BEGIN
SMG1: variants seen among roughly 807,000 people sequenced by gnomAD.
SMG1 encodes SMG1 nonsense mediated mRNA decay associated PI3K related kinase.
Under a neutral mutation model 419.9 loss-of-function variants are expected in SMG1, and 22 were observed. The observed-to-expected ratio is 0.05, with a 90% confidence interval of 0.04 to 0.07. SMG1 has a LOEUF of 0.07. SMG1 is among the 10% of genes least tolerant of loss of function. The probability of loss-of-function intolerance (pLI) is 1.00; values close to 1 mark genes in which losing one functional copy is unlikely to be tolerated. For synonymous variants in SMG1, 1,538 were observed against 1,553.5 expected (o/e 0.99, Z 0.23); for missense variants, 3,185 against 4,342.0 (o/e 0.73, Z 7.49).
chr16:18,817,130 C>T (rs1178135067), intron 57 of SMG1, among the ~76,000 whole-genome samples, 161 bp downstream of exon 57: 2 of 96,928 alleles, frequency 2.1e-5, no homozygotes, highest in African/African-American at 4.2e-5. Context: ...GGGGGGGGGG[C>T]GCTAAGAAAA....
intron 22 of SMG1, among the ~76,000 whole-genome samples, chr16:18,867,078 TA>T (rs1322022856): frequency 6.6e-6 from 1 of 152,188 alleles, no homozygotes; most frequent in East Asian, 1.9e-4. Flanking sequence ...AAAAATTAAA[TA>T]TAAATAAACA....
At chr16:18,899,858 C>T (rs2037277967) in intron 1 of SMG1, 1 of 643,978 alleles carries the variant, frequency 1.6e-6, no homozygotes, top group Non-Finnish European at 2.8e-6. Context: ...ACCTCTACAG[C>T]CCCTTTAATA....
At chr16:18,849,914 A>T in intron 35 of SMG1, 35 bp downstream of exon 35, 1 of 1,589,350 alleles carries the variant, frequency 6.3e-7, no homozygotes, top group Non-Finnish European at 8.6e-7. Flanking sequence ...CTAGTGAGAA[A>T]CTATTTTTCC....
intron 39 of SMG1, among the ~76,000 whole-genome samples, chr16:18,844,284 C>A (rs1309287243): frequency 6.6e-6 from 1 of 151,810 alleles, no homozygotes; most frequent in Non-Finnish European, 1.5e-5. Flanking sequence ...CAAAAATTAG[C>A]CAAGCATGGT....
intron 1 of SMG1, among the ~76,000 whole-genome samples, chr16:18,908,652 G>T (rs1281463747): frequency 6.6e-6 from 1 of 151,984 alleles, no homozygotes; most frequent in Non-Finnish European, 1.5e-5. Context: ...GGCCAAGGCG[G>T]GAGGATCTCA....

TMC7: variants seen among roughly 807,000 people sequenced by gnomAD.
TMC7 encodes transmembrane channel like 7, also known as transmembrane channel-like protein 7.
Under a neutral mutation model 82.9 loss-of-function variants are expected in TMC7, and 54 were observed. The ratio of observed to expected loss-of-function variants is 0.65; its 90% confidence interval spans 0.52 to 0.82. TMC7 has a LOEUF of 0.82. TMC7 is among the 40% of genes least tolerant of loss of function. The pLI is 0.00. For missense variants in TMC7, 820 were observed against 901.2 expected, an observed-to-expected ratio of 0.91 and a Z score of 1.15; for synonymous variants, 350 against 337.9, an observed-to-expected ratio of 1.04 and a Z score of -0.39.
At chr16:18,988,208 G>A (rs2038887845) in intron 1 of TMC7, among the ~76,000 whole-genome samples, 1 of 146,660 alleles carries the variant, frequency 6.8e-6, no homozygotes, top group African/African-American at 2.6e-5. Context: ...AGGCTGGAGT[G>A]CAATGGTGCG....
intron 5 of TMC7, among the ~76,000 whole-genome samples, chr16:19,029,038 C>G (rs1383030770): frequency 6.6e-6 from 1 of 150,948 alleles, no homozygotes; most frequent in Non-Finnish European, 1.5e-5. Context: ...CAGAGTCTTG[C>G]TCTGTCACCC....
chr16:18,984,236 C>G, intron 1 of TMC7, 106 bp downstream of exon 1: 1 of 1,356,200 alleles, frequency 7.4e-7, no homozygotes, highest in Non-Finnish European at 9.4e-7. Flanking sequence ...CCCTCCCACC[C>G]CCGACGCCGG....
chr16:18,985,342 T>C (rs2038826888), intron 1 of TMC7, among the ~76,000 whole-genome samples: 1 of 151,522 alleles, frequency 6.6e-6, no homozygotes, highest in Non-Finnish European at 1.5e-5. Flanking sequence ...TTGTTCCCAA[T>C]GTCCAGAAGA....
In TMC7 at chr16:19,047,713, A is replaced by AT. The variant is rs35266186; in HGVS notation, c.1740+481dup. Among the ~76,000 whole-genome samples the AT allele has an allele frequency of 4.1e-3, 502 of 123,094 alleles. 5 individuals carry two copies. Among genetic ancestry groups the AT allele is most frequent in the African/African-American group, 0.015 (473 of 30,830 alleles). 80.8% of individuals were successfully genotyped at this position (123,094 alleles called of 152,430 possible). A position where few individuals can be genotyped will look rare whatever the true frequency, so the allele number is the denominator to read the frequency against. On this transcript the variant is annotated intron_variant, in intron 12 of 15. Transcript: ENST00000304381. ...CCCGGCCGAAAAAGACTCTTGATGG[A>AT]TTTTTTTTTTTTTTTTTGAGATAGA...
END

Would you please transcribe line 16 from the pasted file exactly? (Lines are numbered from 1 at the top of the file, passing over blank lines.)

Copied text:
chr16:18,985,342 T>C (rs2038826888), intron 1 of TMC7, among the ~76,000 whole-genome samples: 1 of 151,522 alleles, frequency 6.6e-6, no homozygotes, highest in Non-Finnish European at 1.5e-5. Flanking sequence ...TTGTTCCCAA[T>C]GTCCAGAAGA....